Most of these  people do not speak English of course.

We also saw several 40 ft boats with little cabins that seem to house what we are calling sea gypsies. We think they live on these little boats and fish and what not. Moms and dads and grandpa and kids. They stop by without the social hello and indicate by using their hand to mime putting food in their mouth that they want food. The one we gave rice, and he seemed perplexed by it, it was brown rice, not white. Another did not really know what to do with pencils and paper for the kids. Interesting. No goodbye or thanks, just off they go. We felt sort of like the soup kitchen, or rice kitchen  I should say. They seem friendly and happy and not at all threatening.  

On one island we found a turtle head!  Then several places where we could see that they came up to lay eggs in the past day or two. Also we found a fresh turtle shell. They must eat the eggs and the turtles that are protected here. This is a marine park!  Oh well……………..nothing we can do except grieve their lack of awareness of their actions long term.  When you live day to day at the basic need for food and shelter, it is hard to think futuristically  and ecologically?

It is amazing how weather runs our life. We went for what we thought was a day stop and ended up there 4 days in a “blow”.  That just meant that we got to explore the bay a bit which is always fun. The sea eagles are so grand to watch, and at the next island we found an abundance of frigate bird. There were 200 one evening soaring at their great heights socializing we think. You can not spot fish from that high, and none came down. These  are the birds that love to go after someone’s else’s food rather than work for their own. They seem to mate for life, and when mating the males have this large bright red pouch that expands in their neck to attract the females.

It is now , as I write this, September 7. Six weeks and we will be back in the States. How eager we are getting to see everyone again and catch up with your lives. Today we were gifted this incredible moonrise………….out of the clouds rising over the mountain. A gift.  This coast is grand, mountainous with ridge after ridge, seeming forever. No wonder there are so many dialects, you could live within a few miles and not be able to get there it seems. The only flat part is the ribbon along the shore, rocks and sandy inlets. The bays are shallow but we have managed to find little anchorages tucked behind rocky outcrops that look on the chart to be islands. This last bay had a family of turtles that came up to briefly to breathe and check us out.

The weather has been mostly good. Days are great, it is the nights when the squalls come, about every other or at least every third night. Thunders and lightning and the winds of 20-25. Just enough to get you up and watch the anchor and find your foul weather jacket in case you need to “man the helm” in a hurry. What a disruption of sleep. That is when we remember the joy of living ashore, when you just go to bed each night and not worry about your house leaving it’s foundation. Jimmy, I must say does most, if not all, of the worrying about this. There is just not enough room on a small boat for two to worry over the same thing, it clouds the energy fields. I find my own little worries that he then does not need to bother with.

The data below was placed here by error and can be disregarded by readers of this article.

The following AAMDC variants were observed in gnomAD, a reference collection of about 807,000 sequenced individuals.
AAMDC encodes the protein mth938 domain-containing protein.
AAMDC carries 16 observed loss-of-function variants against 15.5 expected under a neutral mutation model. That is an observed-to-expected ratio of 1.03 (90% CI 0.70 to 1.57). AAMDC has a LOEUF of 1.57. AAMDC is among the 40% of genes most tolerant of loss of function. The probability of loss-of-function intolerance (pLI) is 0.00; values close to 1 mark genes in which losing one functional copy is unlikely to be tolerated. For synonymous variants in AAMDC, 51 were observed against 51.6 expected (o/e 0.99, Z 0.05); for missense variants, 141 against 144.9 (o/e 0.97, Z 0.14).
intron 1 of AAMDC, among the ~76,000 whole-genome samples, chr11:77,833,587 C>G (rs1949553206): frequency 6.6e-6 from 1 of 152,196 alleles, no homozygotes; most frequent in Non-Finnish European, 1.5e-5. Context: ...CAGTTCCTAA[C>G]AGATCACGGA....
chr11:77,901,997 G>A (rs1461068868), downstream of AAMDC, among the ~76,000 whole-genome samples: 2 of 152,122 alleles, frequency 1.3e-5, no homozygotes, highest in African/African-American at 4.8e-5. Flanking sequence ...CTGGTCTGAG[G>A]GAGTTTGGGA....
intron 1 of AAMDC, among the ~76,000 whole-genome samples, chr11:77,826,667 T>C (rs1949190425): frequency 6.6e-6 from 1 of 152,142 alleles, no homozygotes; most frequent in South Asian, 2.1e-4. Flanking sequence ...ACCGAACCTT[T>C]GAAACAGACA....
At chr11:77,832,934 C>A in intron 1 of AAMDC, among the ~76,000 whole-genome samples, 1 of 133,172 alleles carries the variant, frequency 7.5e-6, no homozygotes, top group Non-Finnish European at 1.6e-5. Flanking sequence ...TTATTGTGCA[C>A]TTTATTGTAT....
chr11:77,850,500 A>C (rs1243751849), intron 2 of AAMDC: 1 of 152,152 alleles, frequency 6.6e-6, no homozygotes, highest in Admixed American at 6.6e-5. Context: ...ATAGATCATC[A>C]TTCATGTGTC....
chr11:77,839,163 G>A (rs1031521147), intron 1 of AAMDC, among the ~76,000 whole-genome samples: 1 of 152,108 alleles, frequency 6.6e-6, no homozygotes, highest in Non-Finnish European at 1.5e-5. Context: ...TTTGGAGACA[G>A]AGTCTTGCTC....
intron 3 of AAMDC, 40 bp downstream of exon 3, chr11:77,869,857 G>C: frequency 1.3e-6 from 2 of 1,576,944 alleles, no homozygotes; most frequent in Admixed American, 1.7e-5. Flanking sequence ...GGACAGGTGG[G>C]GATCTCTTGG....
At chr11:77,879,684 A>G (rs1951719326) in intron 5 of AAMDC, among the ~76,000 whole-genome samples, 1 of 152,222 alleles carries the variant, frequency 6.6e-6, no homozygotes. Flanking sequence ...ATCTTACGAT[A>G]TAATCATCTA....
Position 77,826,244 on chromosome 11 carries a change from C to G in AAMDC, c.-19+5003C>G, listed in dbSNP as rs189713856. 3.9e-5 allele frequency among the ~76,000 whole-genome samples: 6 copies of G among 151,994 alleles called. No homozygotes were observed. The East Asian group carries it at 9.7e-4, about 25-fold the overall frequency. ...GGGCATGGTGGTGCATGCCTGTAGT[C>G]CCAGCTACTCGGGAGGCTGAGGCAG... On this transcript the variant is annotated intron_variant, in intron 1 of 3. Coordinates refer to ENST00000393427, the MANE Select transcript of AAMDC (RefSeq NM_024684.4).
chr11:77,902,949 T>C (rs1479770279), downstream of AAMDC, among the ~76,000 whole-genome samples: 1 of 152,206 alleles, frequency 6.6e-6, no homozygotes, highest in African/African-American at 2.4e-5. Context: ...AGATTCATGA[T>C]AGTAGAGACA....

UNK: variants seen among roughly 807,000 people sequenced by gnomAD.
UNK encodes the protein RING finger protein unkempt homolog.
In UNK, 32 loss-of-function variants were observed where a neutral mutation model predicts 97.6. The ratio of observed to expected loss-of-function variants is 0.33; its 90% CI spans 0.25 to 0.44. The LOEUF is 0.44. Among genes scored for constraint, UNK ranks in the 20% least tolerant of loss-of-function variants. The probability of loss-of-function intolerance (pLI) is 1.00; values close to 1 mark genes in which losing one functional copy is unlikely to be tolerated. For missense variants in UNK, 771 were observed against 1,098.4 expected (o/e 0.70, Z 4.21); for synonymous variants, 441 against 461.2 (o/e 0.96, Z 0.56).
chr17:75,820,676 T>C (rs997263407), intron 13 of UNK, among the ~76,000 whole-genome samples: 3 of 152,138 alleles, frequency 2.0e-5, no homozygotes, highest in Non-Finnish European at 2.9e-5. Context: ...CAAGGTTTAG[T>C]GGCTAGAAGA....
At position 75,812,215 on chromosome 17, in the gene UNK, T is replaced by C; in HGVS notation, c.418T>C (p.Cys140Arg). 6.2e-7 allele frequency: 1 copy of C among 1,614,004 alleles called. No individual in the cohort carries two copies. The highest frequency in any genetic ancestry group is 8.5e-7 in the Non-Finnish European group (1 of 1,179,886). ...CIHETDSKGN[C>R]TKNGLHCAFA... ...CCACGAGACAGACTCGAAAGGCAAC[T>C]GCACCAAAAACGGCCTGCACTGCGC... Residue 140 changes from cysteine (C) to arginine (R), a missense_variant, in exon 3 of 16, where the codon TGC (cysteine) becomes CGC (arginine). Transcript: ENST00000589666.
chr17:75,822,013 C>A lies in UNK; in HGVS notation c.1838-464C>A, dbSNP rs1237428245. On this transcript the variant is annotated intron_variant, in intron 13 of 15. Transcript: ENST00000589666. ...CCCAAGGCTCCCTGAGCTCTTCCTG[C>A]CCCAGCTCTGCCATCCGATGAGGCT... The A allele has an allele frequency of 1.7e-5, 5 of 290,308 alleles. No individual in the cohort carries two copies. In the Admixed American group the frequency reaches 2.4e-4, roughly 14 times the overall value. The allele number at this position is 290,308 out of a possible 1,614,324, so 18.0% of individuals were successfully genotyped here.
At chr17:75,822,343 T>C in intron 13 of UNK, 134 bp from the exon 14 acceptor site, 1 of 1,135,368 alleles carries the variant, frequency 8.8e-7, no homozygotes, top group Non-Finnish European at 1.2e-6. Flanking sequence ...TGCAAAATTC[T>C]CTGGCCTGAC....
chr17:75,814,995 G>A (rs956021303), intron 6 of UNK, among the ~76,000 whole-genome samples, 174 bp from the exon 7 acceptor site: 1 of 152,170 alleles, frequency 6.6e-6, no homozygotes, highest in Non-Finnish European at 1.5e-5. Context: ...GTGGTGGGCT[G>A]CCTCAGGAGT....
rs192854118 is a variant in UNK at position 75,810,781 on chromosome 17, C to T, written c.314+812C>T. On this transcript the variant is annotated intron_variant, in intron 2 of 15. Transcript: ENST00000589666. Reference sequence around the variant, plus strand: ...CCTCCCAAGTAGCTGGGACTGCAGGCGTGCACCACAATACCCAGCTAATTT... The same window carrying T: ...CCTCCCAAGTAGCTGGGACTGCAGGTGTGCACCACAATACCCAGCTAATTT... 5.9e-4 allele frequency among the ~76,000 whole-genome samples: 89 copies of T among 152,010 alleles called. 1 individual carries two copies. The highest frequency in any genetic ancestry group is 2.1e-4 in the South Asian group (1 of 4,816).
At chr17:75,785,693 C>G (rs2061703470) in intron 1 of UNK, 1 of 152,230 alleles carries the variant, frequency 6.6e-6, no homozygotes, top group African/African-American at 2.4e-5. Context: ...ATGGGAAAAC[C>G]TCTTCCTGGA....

Nautical flimsy: the origin of the word Posh, as it, “ that was a posh hotel”. Sort of English phrase.  It started in England, with the passage bookings to India. The staterooms that had the less sun and heat were Port Out Starboard Home.

Origin of the word starboard   The old Norwegin sailing vessels were long and narrow and had a steerboard to steer with that was placed on the right side.

We took jungle cruise by land over to the  east side of Borneo. A combo land and river trip  for 5 days. Marvelous wildlife. These great hornbill birds……………the national bird and so elusive. Now  we finally saw them!!!!!  So many………. we had to stop counting. They have these large casques on top of their bills. Beautiful.  We also got so close to the pygmy elephants, well we saw  where they were about 8 hours ago…………but they evaded us.  We were so lucky to see three orangutans in the wild. The guides spot them and quietly pull the boatover to shore and we sit in awe at this magestic creatures. The guides were so incredible at spotting all this. Three river spotting cruises and a hike around one of the many  oxbow lakes. And…..ate and ate and ate. The food was too good.  After we got back from there we took our last adventure. A train ride through a gorge. We rode first class, on the flat bed car. What fun…………..feeling and smelling and hearing the ride. Bounced our joints around a bit, but worth it.
 


We had this hotel at the top of a huge hill with a great view and a toilet that worked twice in two days. It was a bit on the edge.

Our visit to the Agriculural Center and Research Station was fun. Learned about orchids…………..native plants…………..gardens of the world. What a neat 3 days.

Now we are back at the marina and checking the weather. Looks like a good window in two days to make our escape and head south to Miri and then……………………..US of A!

We are on the countdown to return home…………………and making lists and one box is packed. A bit early, but excitement rules the day.

Look at the fall colors for us…………………wee you soon.

Loving you all Jim and Carol